Deutscher Tropentag, October 11 - 13, 2005 in Stuttgart-Hohenheim
"The Global Food & Product Chain- Dynamics, Innovations, Conflicts, Strategies"
Small Scale Industrial Cash Crop Production and its Impact on Food Production and Living Standards: A Case of Kenyan Tea and Coffee Sector
Elizabeth Kabura Nyaga, Werner Doppler
University of Hohenheim, Farming and Rural Systems in the Tropics and Subtropics, Germany
This paper is based on an ongoing research on impact of cash crops on living standards under different farm and family conditions. Kenya relies on production of coffee and tea among other industrial cash crops to earn foreign exchange. The rural small scale coffee and tea farmers in Murang'a District do not understand much about foreign exchange but toil in their land every day, month, and year to earn some income from these crops.
For many years, coffee farmers have earned handsomely from their farms. However, in the late 1980's, due to decline in coffee prices, competition in the world and wrangles in coffee co-operative societies among other factors, coffee farmers have found themselves in a very poor state financially and emotionally. In tea farming, the conditions in the market have also changed. Increased competition in the tea industry, high demands for high quality tea and as farmers claim, too many channels in tea marketing have drastically reduced their income.
Due to early year's attractive income from the two crops, most farmers left little land for food production. The tea farmers spend all their time in their farms since tea grows through out the year. Production cost is therefore very high and with small farm sizes, both crops are not paying back. The farmers are now faced with double problem - low income from cash crops and no food from their farms.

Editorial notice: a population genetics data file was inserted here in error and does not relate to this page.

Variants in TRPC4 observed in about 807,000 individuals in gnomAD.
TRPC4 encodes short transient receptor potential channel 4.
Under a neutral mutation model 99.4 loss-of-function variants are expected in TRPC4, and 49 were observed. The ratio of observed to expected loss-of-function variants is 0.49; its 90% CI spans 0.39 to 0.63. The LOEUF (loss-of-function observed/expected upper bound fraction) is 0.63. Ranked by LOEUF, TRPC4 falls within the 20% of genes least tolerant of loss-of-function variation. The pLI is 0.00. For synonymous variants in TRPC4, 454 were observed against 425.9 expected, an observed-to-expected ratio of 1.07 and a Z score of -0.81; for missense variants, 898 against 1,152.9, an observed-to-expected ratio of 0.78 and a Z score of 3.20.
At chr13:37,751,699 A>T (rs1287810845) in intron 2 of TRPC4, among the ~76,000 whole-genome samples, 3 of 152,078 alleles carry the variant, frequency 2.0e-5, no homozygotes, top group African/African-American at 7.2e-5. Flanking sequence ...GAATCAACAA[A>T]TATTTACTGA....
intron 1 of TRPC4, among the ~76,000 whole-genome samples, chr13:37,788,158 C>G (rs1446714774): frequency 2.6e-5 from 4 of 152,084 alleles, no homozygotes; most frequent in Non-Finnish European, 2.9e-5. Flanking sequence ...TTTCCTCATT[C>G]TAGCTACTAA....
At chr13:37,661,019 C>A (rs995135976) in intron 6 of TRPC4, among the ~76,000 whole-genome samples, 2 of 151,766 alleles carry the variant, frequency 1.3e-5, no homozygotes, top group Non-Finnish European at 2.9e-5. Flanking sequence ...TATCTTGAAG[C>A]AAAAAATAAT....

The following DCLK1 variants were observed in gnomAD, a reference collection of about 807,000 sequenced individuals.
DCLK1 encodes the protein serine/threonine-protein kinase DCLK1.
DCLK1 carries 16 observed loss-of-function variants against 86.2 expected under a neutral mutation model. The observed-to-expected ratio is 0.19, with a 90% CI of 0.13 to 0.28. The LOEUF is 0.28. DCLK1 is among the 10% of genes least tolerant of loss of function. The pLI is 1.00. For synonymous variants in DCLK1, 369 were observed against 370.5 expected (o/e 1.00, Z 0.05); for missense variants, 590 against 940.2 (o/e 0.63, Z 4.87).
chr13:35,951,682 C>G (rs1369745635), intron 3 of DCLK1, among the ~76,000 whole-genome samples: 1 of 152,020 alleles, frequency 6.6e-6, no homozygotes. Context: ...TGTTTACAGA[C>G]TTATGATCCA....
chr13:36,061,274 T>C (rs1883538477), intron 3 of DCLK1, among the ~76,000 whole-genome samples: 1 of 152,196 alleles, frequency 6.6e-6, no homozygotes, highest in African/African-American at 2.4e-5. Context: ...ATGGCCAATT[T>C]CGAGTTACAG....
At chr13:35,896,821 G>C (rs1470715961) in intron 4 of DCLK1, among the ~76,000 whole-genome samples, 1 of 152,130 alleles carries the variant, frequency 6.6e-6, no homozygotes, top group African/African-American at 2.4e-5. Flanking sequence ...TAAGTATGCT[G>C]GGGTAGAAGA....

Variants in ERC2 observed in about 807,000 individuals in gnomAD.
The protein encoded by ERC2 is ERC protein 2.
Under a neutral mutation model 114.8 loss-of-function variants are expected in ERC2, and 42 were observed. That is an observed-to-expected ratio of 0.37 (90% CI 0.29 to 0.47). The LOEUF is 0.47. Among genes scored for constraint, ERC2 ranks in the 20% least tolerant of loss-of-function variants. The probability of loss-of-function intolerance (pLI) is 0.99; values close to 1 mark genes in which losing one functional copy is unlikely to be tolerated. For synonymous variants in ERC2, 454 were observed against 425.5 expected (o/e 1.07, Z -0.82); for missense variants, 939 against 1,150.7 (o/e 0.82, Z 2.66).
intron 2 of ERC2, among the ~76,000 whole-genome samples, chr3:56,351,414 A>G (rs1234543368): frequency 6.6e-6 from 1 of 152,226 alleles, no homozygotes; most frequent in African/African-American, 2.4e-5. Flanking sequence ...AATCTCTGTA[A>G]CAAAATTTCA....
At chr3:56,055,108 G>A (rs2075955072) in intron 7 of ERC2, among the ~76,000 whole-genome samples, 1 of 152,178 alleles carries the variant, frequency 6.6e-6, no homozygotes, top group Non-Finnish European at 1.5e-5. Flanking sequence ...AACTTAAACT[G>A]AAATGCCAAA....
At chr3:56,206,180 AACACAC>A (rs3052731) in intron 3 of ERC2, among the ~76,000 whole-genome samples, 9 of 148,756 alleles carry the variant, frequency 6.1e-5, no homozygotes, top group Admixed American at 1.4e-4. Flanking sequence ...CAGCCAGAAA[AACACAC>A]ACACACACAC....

The paper aims at assessing the impact of different farming practices and economic diversification on living standards. The paper will discuss to what extent the farmers have diversified and strategies which they have adapted to improve their living standards. The paper is motivated by the fact that despite low income from coffee and tea and little external assistance, the farmers have identified survival strategies to raise their living standards from total poverty.
Keywords: Decline in cash crops income, diversification, food production, Kenya, living standards
Contact Address: Werner Doppler, University of Hohenheim, Farming and Rural Systems in the Tropics and Subtropics, Fruwirthstraße 12, 70593 Stuttgart, Germany, e-mail: doppleruni-hohenheim.de